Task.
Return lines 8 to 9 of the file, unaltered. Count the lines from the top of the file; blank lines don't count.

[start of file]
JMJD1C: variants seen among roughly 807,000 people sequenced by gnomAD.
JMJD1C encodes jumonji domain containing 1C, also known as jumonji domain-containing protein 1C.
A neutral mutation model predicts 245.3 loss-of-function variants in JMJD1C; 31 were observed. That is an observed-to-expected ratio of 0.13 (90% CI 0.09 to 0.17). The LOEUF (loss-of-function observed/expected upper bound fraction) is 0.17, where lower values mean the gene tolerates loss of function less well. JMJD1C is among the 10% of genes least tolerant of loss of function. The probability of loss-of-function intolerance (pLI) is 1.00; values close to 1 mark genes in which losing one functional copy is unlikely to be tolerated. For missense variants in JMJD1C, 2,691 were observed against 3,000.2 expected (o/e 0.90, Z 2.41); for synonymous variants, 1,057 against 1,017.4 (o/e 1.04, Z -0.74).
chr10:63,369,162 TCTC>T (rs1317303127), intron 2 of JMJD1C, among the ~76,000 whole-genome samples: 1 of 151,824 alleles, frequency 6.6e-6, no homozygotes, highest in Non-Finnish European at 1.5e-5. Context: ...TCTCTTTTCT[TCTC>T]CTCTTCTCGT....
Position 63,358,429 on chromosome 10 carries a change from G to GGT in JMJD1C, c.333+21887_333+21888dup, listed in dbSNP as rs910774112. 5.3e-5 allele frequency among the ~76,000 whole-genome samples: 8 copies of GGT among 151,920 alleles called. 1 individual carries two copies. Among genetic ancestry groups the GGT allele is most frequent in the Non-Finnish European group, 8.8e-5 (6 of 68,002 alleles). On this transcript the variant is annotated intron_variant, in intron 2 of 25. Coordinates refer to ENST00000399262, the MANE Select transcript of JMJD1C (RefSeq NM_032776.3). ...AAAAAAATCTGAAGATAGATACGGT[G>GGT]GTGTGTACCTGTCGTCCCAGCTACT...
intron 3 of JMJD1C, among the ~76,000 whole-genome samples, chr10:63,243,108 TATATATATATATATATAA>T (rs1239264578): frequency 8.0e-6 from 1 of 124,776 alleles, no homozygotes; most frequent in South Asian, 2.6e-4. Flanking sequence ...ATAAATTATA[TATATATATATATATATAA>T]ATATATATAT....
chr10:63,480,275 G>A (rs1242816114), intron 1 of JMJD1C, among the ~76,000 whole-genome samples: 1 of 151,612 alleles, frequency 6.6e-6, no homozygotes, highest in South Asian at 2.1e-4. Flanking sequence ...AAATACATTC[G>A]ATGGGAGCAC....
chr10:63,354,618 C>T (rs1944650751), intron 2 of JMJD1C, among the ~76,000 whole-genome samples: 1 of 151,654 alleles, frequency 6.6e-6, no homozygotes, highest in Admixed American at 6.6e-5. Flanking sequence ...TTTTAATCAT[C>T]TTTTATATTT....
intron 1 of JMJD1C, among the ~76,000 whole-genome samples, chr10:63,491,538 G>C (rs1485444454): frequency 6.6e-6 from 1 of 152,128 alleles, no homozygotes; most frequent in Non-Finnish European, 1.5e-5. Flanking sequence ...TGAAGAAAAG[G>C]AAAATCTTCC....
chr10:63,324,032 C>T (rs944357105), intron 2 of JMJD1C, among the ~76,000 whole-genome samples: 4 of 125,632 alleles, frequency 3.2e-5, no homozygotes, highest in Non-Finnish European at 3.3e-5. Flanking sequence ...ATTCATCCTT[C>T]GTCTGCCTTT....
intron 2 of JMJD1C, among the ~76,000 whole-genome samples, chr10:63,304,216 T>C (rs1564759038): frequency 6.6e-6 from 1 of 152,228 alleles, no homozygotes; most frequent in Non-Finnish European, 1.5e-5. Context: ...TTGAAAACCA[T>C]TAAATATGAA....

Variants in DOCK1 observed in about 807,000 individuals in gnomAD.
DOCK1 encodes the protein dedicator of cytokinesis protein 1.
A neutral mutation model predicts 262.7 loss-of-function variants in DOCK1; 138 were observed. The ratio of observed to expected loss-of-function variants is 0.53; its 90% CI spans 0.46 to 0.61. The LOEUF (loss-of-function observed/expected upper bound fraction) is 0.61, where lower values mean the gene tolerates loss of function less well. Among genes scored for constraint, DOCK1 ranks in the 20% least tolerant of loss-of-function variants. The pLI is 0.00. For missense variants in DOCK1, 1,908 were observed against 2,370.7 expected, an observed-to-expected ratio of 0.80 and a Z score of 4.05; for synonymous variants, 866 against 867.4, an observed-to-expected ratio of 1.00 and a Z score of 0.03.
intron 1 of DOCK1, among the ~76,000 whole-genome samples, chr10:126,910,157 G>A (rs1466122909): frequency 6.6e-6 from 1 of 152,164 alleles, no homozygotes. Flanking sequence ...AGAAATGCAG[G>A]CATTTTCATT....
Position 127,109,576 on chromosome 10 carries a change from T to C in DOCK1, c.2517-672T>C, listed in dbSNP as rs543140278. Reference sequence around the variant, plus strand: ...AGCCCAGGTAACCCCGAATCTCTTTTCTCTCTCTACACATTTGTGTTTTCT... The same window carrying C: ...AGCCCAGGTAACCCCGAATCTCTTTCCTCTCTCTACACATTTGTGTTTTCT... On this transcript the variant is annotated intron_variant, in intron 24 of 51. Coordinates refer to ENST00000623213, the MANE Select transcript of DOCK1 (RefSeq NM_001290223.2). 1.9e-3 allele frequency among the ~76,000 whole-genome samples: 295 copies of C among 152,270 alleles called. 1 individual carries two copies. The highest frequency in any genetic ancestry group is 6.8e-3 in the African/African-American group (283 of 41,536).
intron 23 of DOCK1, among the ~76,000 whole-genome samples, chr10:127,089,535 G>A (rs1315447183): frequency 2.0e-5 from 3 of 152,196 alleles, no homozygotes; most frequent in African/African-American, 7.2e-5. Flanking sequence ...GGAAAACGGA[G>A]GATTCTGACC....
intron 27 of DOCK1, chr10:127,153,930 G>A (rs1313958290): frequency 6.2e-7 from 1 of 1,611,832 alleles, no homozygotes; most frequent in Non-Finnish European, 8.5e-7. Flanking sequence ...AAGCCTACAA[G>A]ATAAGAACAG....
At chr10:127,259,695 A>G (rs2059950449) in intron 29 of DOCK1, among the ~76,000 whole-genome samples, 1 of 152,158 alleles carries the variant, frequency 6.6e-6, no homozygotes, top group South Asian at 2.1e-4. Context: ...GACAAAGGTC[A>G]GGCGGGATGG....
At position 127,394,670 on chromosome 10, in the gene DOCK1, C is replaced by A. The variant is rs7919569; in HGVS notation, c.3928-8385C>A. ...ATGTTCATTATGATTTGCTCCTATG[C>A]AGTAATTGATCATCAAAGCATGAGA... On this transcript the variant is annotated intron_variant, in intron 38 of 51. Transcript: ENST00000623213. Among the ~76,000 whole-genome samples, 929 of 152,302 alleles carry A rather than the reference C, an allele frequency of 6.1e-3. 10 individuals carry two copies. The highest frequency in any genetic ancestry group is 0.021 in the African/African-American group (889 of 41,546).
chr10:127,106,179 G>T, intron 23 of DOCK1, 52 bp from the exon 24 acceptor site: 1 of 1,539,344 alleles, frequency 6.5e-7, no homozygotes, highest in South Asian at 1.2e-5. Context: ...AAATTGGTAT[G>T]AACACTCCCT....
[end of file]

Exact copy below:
chr10:63,354,618 C>T (rs1944650751), intron 2 of JMJD1C, among the ~76,000 whole-genome samples: 1 of 151,654 alleles, frequency 6.6e-6, no homozygotes, highest in Admixed American at 6.6e-5. Flanking sequence ...TTTTAATCAT[C>T]TTTTATATTT....
intron 1 of JMJD1C, among the ~76,000 whole-genome samples, chr10:63,491,538 G>C (rs1485444454): frequency 6.6e-6 from 1 of 152,128 alleles, no homozygotes; most frequent in Non-Finnish European, 1.5e-5. Flanking sequence ...TGAAGAAAAG[G>C]AAAATCTTCC....